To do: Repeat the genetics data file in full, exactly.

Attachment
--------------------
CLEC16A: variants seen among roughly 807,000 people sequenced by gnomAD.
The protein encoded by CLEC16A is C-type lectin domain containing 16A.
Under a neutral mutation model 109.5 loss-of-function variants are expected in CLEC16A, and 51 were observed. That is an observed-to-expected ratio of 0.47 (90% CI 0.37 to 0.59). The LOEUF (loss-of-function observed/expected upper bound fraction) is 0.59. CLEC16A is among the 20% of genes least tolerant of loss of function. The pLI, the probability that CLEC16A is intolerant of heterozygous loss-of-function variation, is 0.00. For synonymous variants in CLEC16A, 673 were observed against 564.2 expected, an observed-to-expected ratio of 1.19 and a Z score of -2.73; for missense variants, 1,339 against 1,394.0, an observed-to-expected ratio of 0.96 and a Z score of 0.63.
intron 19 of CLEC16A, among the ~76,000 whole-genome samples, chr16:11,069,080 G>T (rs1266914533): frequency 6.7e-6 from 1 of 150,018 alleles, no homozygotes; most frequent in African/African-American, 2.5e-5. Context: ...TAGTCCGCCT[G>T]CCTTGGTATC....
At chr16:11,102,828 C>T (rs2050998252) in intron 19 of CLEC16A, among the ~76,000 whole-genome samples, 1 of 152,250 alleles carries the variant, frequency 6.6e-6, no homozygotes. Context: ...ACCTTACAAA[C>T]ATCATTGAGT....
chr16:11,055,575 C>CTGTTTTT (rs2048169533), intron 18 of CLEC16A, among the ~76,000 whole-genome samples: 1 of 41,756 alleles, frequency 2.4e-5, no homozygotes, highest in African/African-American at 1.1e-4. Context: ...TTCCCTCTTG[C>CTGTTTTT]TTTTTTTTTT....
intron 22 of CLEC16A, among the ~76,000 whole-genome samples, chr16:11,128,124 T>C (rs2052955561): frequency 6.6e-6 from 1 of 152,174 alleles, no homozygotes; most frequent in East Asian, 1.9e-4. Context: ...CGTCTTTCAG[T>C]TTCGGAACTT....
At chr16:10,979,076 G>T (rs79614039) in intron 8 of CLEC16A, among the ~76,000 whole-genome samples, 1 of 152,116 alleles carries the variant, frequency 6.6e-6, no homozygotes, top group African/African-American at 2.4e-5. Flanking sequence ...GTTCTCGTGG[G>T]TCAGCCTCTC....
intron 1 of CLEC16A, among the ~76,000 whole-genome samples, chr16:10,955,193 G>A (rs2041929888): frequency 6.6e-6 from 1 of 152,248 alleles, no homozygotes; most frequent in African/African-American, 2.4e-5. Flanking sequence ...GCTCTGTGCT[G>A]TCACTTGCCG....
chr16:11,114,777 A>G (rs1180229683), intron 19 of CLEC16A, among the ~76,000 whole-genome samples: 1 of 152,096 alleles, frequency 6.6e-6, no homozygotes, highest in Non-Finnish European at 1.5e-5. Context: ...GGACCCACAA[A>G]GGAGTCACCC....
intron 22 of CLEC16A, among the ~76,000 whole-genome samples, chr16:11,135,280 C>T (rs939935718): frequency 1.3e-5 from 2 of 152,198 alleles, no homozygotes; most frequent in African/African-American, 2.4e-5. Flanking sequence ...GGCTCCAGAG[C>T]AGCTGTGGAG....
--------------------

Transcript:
CLEC16A: variants seen among roughly 807,000 people sequenced by gnomAD.
The protein encoded by CLEC16A is C-type lectin domain containing 16A.
Under a neutral mutation model 109.5 loss-of-function variants are expected in CLEC16A, and 51 were observed. That is an observed-to-expected ratio of 0.47 (90% CI 0.37 to 0.59). The LOEUF (loss-of-function observed/expected upper bound fraction) is 0.59. CLEC16A is among the 20% of genes least tolerant of loss of function. The pLI, the probability that CLEC16A is intolerant of heterozygous loss-of-function variation, is 0.00. For synonymous variants in CLEC16A, 673 were observed against 564.2 expected, an observed-to-expected ratio of 1.19 and a Z score of -2.73; for missense variants, 1,339 against 1,394.0, an observed-to-expected ratio of 0.96 and a Z score of 0.63.
intron 19 of CLEC16A, among the ~76,000 whole-genome samples, chr16:11,069,080 G>T (rs1266914533): frequency 6.7e-6 from 1 of 150,018 alleles, no homozygotes; most frequent in African/African-American, 2.5e-5. Context: ...TAGTCCGCCT[G>T]CCTTGGTATC....
At chr16:11,102,828 C>T (rs2050998252) in intron 19 of CLEC16A, among the ~76,000 whole-genome samples, 1 of 152,250 alleles carries the variant, frequency 6.6e-6, no homozygotes. Context: ...ACCTTACAAA[C>T]ATCATTGAGT....
chr16:11,055,575 C>CTGTTTTT (rs2048169533), intron 18 of CLEC16A, among the ~76,000 whole-genome samples: 1 of 41,756 alleles, frequency 2.4e-5, no homozygotes, highest in African/African-American at 1.1e-4. Context: ...TTCCCTCTTG[C>CTGTTTTT]TTTTTTTTTT....
intron 22 of CLEC16A, among the ~76,000 whole-genome samples, chr16:11,128,124 T>C (rs2052955561): frequency 6.6e-6 from 1 of 152,174 alleles, no homozygotes; most frequent in East Asian, 1.9e-4. Context: ...CGTCTTTCAG[T>C]TTCGGAACTT....
At chr16:10,979,076 G>T (rs79614039) in intron 8 of CLEC16A, among the ~76,000 whole-genome samples, 1 of 152,116 alleles carries the variant, frequency 6.6e-6, no homozygotes, top group African/African-American at 2.4e-5. Flanking sequence ...GTTCTCGTGG[G>T]TCAGCCTCTC....
intron 1 of CLEC16A, among the ~76,000 whole-genome samples, chr16:10,955,193 G>A (rs2041929888): frequency 6.6e-6 from 1 of 152,248 alleles, no homozygotes; most frequent in African/African-American, 2.4e-5. Flanking sequence ...GCTCTGTGCT[G>A]TCACTTGCCG....
chr16:11,114,777 A>G (rs1180229683), intron 19 of CLEC16A, among the ~76,000 whole-genome samples: 1 of 152,096 alleles, frequency 6.6e-6, no homozygotes, highest in Non-Finnish European at 1.5e-5. Context: ...GGACCCACAA[A>G]GGAGTCACCC....
intron 22 of CLEC16A, among the ~76,000 whole-genome samples, chr16:11,135,280 C>T (rs939935718): frequency 1.3e-5 from 2 of 152,198 alleles, no homozygotes; most frequent in African/African-American, 2.4e-5. Flanking sequence ...GGCTCCAGAG[C>T]AGCTGTGGAG....